"Most people know Zach for his dunking," Paul says. "But the people that know him—they know him for getting buckets."
Fair enough. Now in his fourth NBA season, LaVine is a complete offensive player. Naturally, he is unstoppable in transition, but he can also cruise to the rim in half-court sets. Last season, he finished 61.2 percent of his shots within the restricted area, besting John Wall and Kyrie Irving. Beyond the arc, he shoots with great bravado. Last year, LaVine hit 41.8 percent of catch-and-shoot threes, sandwiching him between CJ McCollum and Bradley Beal. In mid-range space, LaVine is a zippy improviser.
"He's got everything," says Tyus Jones, a former teammate of LaVine's with the Timberwolves. "He can shoot the hell out of the ball, [has an] isolation game, and last year what started coming along was his playmaking ability—he can create for others."
In all, LaVine averaged 18.9 points, 3.4 rebounds and 3.0 assists per game last season. He was one of only a dozen players to make at least 2.5 threes and 2.5 free throws per game, despite fighting for touches in Minnesota, where plays were seldom designed for him. That won't be a problem in Chicago.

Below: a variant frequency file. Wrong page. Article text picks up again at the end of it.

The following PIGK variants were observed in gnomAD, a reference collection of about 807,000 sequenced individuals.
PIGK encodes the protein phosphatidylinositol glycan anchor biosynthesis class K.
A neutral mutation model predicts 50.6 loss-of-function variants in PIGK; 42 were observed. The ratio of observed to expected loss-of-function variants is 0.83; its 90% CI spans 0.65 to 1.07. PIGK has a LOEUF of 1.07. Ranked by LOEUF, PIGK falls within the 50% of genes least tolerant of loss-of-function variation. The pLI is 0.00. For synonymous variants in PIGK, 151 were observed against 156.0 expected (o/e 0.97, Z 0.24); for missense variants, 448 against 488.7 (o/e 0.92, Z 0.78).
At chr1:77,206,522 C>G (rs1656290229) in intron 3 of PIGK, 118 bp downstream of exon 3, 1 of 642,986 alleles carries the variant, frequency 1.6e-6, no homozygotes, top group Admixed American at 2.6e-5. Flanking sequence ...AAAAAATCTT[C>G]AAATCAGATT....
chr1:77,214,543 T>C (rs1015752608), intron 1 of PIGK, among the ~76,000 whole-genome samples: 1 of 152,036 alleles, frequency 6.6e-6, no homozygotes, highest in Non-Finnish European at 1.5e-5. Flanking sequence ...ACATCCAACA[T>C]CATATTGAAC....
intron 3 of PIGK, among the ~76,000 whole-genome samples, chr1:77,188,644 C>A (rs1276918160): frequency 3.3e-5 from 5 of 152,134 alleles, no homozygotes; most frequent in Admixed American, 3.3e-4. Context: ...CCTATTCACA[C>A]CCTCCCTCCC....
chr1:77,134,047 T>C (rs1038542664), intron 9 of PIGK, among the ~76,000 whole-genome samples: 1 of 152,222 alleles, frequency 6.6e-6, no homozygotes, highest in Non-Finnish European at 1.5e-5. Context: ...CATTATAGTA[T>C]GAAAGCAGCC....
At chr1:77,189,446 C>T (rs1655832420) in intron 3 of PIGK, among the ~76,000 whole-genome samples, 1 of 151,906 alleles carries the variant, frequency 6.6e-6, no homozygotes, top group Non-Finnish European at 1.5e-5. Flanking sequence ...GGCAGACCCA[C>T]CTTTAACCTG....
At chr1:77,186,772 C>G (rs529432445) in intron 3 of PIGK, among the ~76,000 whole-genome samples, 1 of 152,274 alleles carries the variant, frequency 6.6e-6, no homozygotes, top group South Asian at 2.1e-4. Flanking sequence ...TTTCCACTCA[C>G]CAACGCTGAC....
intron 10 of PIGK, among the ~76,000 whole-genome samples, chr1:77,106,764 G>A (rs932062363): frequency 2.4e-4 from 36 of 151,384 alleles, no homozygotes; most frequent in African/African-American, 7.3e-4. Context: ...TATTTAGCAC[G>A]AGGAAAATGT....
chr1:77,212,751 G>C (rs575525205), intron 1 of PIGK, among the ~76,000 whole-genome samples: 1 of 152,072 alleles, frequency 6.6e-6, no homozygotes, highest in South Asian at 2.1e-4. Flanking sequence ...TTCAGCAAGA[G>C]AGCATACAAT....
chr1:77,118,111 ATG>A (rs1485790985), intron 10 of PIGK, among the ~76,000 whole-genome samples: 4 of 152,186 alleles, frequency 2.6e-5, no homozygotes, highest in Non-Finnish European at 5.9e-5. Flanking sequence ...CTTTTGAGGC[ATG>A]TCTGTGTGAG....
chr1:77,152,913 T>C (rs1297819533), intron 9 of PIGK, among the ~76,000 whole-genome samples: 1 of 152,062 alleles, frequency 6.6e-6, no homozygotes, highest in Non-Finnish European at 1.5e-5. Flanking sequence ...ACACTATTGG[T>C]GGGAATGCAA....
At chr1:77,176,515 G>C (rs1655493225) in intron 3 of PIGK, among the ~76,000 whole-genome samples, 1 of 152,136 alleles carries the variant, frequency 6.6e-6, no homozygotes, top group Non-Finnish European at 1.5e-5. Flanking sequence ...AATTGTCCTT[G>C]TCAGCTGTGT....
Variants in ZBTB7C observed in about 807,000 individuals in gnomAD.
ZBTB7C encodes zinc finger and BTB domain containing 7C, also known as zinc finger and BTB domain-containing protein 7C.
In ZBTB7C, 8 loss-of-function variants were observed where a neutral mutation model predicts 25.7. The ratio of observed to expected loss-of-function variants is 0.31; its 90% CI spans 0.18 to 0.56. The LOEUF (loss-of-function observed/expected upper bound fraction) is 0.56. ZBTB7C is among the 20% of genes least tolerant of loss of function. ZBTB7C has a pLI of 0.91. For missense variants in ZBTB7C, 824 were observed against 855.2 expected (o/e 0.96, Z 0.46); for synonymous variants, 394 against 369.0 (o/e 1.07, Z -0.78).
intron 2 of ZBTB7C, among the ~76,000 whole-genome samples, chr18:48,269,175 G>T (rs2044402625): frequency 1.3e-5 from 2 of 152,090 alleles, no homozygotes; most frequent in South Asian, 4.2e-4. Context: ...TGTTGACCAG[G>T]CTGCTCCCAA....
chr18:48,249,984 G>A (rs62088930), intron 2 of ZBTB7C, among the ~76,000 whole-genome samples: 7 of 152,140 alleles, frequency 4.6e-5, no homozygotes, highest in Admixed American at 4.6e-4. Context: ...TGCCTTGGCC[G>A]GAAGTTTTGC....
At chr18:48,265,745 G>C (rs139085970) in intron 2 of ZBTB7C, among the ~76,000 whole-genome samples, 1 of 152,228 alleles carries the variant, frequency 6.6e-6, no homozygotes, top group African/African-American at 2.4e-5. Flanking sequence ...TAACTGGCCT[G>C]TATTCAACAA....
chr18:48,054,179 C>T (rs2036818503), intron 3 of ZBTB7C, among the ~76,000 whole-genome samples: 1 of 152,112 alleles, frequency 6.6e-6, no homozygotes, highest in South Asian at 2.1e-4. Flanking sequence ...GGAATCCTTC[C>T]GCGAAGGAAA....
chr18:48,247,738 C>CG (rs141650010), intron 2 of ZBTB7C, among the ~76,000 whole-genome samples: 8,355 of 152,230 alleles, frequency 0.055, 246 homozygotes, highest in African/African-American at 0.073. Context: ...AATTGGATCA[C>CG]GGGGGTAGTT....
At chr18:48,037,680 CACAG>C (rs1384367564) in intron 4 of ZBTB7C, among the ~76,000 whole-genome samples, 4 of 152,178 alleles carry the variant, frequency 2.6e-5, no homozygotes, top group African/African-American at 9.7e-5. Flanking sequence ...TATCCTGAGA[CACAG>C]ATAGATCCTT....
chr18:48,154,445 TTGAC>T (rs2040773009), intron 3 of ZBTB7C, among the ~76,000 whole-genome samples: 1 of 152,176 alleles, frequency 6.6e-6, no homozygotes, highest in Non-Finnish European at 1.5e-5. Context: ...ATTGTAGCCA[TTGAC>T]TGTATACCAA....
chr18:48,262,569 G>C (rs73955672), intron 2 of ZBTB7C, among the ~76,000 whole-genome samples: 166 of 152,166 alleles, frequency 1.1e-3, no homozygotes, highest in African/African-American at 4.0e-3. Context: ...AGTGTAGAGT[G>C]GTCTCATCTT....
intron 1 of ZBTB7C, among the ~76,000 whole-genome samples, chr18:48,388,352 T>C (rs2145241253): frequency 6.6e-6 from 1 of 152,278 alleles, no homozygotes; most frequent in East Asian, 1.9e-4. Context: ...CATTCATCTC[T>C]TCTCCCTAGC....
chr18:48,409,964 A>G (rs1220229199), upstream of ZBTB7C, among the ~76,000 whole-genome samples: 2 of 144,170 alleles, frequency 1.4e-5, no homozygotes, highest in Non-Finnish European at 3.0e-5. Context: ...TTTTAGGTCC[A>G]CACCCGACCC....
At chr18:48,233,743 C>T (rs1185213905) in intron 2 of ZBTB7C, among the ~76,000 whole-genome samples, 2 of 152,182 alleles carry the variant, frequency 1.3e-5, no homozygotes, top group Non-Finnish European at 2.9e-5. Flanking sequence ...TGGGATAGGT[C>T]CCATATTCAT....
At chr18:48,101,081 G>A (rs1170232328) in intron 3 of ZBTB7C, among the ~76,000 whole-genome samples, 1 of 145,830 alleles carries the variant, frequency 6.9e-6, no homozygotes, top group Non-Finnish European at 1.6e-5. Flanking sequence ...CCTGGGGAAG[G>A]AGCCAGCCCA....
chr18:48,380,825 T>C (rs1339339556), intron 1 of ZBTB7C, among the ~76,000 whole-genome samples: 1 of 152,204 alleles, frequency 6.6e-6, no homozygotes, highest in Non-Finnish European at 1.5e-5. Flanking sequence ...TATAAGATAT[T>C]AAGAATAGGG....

"You're a centerpiece, you gotta play like it," he says of his new role. "You have to be a leader. This is going to be a young, rebuilding team. At 22, I'll be going into my fourth year—a lot of 22-year-old dudes are in their first year."
LaVine's situation is a rare one. Across the NBA, he might be the only player 22 or younger tabbed as the leader of a team to which he was not drafted.
Moreover, these are the Chicago Bulls, and LaVine—their cornerstone—is too young to remember watching Michael Jordan play basketball. He was six years old when MJ debuted with the Washington Wizards.